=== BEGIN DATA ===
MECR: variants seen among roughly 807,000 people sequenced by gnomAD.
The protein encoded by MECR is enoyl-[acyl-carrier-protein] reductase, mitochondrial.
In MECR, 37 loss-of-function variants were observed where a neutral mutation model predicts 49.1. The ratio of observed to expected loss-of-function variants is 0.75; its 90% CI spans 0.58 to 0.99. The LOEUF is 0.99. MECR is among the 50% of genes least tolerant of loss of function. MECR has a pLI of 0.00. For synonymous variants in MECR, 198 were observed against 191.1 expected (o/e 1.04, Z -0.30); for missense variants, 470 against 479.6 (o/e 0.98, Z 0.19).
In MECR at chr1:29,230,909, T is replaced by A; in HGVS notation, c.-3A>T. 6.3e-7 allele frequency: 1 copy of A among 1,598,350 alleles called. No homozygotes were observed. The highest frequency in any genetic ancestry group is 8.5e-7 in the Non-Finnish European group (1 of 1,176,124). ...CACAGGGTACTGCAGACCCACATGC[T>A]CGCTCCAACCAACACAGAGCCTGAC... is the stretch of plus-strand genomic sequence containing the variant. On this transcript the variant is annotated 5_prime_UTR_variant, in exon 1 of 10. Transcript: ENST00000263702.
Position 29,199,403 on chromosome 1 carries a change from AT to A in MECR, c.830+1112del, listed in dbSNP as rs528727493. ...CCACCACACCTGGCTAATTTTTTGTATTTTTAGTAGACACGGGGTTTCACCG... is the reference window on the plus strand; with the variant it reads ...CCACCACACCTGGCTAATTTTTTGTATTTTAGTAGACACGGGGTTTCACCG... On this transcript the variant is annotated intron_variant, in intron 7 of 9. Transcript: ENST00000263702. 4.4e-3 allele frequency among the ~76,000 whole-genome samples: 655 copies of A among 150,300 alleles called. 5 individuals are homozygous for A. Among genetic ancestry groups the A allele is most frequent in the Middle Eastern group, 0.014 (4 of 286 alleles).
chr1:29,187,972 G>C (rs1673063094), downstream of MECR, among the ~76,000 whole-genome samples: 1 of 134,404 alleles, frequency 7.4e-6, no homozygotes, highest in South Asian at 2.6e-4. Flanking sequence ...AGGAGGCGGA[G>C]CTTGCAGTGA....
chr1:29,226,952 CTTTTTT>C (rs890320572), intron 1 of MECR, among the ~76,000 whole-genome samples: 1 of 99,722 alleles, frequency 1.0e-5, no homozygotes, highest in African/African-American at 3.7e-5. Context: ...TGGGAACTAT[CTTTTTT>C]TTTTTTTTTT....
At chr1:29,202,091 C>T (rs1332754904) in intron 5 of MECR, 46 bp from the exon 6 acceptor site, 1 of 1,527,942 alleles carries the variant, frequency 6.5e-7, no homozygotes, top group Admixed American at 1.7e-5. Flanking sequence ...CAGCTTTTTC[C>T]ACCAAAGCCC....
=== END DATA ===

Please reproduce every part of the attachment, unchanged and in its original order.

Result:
MECR: variants seen among roughly 807,000 people sequenced by gnomAD.
The protein encoded by MECR is enoyl-[acyl-carrier-protein] reductase, mitochondrial.
In MECR, 37 loss-of-function variants were observed where a neutral mutation model predicts 49.1. The ratio of observed to expected loss-of-function variants is 0.75; its 90% CI spans 0.58 to 0.99. The LOEUF is 0.99. MECR is among the 50% of genes least tolerant of loss of function. MECR has a pLI of 0.00. For synonymous variants in MECR, 198 were observed against 191.1 expected (o/e 1.04, Z -0.30); for missense variants, 470 against 479.6 (o/e 0.98, Z 0.19).
In MECR at chr1:29,230,909, T is replaced by A; in HGVS notation, c.-3A>T. 6.3e-7 allele frequency: 1 copy of A among 1,598,350 alleles called. No homozygotes were observed. The highest frequency in any genetic ancestry group is 8.5e-7 in the Non-Finnish European group (1 of 1,176,124). ...CACAGGGTACTGCAGACCCACATGC[T>A]CGCTCCAACCAACACAGAGCCTGAC... is the stretch of plus-strand genomic sequence containing the variant. On this transcript the variant is annotated 5_prime_UTR_variant, in exon 1 of 10. Transcript: ENST00000263702.
Position 29,199,403 on chromosome 1 carries a change from AT to A in MECR, c.830+1112del, listed in dbSNP as rs528727493. ...CCACCACACCTGGCTAATTTTTTGTATTTTTAGTAGACACGGGGTTTCACCG... is the reference window on the plus strand; with the variant it reads ...CCACCACACCTGGCTAATTTTTTGTATTTTAGTAGACACGGGGTTTCACCG... On this transcript the variant is annotated intron_variant, in intron 7 of 9. Transcript: ENST00000263702. 4.4e-3 allele frequency among the ~76,000 whole-genome samples: 655 copies of A among 150,300 alleles called. 5 individuals are homozygous for A. Among genetic ancestry groups the A allele is most frequent in the Middle Eastern group, 0.014 (4 of 286 alleles).
chr1:29,187,972 G>C (rs1673063094), downstream of MECR, among the ~76,000 whole-genome samples: 1 of 134,404 alleles, frequency 7.4e-6, no homozygotes, highest in South Asian at 2.6e-4. Flanking sequence ...AGGAGGCGGA[G>C]CTTGCAGTGA....
chr1:29,226,952 CTTTTTT>C (rs890320572), intron 1 of MECR, among the ~76,000 whole-genome samples: 1 of 99,722 alleles, frequency 1.0e-5, no homozygotes, highest in African/African-American at 3.7e-5. Context: ...TGGGAACTAT[CTTTTTT>C]TTTTTTTTTT....
At chr1:29,202,091 C>T (rs1332754904) in intron 5 of MECR, 46 bp from the exon 6 acceptor site, 1 of 1,527,942 alleles carries the variant, frequency 6.5e-7, no homozygotes, top group Admixed American at 1.7e-5. Flanking sequence ...CAGCTTTTTC[C>T]ACCAAAGCCC....